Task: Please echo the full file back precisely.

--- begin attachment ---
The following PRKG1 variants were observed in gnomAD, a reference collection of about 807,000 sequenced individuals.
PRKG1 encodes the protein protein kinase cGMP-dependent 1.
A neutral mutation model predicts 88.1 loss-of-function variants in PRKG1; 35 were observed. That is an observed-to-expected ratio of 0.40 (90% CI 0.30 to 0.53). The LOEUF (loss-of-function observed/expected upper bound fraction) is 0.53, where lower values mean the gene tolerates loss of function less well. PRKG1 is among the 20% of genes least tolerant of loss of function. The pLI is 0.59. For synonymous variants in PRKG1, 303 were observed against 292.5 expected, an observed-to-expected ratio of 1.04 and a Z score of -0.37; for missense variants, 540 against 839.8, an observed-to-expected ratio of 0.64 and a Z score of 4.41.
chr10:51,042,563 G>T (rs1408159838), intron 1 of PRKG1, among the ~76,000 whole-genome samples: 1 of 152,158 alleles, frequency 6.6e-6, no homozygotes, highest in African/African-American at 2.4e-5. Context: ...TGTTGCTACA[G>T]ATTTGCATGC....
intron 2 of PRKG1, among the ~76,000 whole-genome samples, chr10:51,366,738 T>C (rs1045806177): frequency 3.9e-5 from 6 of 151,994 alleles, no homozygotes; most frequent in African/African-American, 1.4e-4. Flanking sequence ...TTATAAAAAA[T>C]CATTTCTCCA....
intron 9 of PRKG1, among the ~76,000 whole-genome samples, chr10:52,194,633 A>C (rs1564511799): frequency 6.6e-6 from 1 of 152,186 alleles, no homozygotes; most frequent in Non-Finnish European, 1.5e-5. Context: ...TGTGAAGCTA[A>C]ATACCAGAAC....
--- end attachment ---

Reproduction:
The following PRKG1 variants were observed in gnomAD, a reference collection of about 807,000 sequenced individuals.
PRKG1 encodes the protein protein kinase cGMP-dependent 1.
A neutral mutation model predicts 88.1 loss-of-function variants in PRKG1; 35 were observed. That is an observed-to-expected ratio of 0.40 (90% CI 0.30 to 0.53). The LOEUF (loss-of-function observed/expected upper bound fraction) is 0.53, where lower values mean the gene tolerates loss of function less well. PRKG1 is among the 20% of genes least tolerant of loss of function. The pLI is 0.59. For synonymous variants in PRKG1, 303 were observed against 292.5 expected, an observed-to-expected ratio of 1.04 and a Z score of -0.37; for missense variants, 540 against 839.8, an observed-to-expected ratio of 0.64 and a Z score of 4.41.
chr10:51,042,563 G>T (rs1408159838), intron 1 of PRKG1, among the ~76,000 whole-genome samples: 1 of 152,158 alleles, frequency 6.6e-6, no homozygotes, highest in African/African-American at 2.4e-5. Context: ...TGTTGCTACA[G>T]ATTTGCATGC....
intron 2 of PRKG1, among the ~76,000 whole-genome samples, chr10:51,366,738 T>C (rs1045806177): frequency 3.9e-5 from 6 of 151,994 alleles, no homozygotes; most frequent in African/African-American, 1.4e-4. Flanking sequence ...TTATAAAAAA[T>C]CATTTCTCCA....
intron 9 of PRKG1, among the ~76,000 whole-genome samples, chr10:52,194,633 A>C (rs1564511799): frequency 6.6e-6 from 1 of 152,186 alleles, no homozygotes; most frequent in Non-Finnish European, 1.5e-5. Context: ...TGTGAAGCTA[A>C]ATACCAGAAC....